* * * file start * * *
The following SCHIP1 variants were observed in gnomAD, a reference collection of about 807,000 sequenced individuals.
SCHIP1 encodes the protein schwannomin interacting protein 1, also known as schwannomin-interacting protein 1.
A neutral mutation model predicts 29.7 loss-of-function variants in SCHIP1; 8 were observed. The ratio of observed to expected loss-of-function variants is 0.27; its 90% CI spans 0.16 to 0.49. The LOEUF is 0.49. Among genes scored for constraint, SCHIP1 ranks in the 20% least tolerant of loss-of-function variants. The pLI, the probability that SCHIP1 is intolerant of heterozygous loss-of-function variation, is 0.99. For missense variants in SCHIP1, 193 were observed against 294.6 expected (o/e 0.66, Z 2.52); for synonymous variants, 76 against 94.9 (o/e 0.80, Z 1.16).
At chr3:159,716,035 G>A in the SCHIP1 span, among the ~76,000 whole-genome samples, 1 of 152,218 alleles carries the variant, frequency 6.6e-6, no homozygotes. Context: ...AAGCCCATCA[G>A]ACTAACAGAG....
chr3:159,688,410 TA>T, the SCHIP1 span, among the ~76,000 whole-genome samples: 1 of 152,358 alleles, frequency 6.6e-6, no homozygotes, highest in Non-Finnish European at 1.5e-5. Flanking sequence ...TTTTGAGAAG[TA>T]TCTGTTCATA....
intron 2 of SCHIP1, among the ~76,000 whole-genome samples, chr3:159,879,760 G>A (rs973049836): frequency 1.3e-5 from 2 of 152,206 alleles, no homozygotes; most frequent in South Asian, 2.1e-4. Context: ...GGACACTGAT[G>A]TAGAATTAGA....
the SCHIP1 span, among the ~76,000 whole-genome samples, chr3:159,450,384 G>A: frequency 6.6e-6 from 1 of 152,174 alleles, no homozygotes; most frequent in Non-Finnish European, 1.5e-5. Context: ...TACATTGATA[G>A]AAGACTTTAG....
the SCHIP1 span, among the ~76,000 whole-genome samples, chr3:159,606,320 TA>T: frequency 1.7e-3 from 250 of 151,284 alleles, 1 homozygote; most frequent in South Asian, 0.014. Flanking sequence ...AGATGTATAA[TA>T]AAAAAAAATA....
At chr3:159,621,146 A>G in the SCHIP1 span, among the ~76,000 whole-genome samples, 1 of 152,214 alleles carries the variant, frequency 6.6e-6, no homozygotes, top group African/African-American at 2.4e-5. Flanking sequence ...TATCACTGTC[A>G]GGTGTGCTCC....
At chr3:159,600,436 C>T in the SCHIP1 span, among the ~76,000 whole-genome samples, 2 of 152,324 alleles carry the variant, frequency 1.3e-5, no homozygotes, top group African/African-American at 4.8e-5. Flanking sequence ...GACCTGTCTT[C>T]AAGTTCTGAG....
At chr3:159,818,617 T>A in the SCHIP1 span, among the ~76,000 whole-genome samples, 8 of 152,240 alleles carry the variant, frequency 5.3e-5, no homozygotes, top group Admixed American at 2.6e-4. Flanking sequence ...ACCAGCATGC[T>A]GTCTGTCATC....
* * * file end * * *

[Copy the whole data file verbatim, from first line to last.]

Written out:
The following SCHIP1 variants were observed in gnomAD, a reference collection of about 807,000 sequenced individuals.
SCHIP1 encodes the protein schwannomin interacting protein 1, also known as schwannomin-interacting protein 1.
A neutral mutation model predicts 29.7 loss-of-function variants in SCHIP1; 8 were observed. The ratio of observed to expected loss-of-function variants is 0.27; its 90% CI spans 0.16 to 0.49. The LOEUF is 0.49. Among genes scored for constraint, SCHIP1 ranks in the 20% least tolerant of loss-of-function variants. The pLI, the probability that SCHIP1 is intolerant of heterozygous loss-of-function variation, is 0.99. For missense variants in SCHIP1, 193 were observed against 294.6 expected (o/e 0.66, Z 2.52); for synonymous variants, 76 against 94.9 (o/e 0.80, Z 1.16).
At chr3:159,716,035 G>A in the SCHIP1 span, among the ~76,000 whole-genome samples, 1 of 152,218 alleles carries the variant, frequency 6.6e-6, no homozygotes. Context: ...AAGCCCATCA[G>A]ACTAACAGAG....
chr3:159,688,410 TA>T, the SCHIP1 span, among the ~76,000 whole-genome samples: 1 of 152,358 alleles, frequency 6.6e-6, no homozygotes, highest in Non-Finnish European at 1.5e-5. Flanking sequence ...TTTTGAGAAG[TA>T]TCTGTTCATA....
intron 2 of SCHIP1, among the ~76,000 whole-genome samples, chr3:159,879,760 G>A (rs973049836): frequency 1.3e-5 from 2 of 152,206 alleles, no homozygotes; most frequent in South Asian, 2.1e-4. Context: ...GGACACTGAT[G>A]TAGAATTAGA....
the SCHIP1 span, among the ~76,000 whole-genome samples, chr3:159,450,384 G>A: frequency 6.6e-6 from 1 of 152,174 alleles, no homozygotes; most frequent in Non-Finnish European, 1.5e-5. Context: ...TACATTGATA[G>A]AAGACTTTAG....
the SCHIP1 span, among the ~76,000 whole-genome samples, chr3:159,606,320 TA>T: frequency 1.7e-3 from 250 of 151,284 alleles, 1 homozygote; most frequent in South Asian, 0.014. Flanking sequence ...AGATGTATAA[TA>T]AAAAAAAATA....
At chr3:159,621,146 A>G in the SCHIP1 span, among the ~76,000 whole-genome samples, 1 of 152,214 alleles carries the variant, frequency 6.6e-6, no homozygotes, top group African/African-American at 2.4e-5. Flanking sequence ...TATCACTGTC[A>G]GGTGTGCTCC....
At chr3:159,600,436 C>T in the SCHIP1 span, among the ~76,000 whole-genome samples, 2 of 152,324 alleles carry the variant, frequency 1.3e-5, no homozygotes, top group African/African-American at 4.8e-5. Flanking sequence ...GACCTGTCTT[C>T]AAGTTCTGAG....
At chr3:159,818,617 T>A in the SCHIP1 span, among the ~76,000 whole-genome samples, 8 of 152,240 alleles carry the variant, frequency 5.3e-5, no homozygotes, top group Admixed American at 2.6e-4. Flanking sequence ...ACCAGCATGC[T>A]GTCTGTCATC....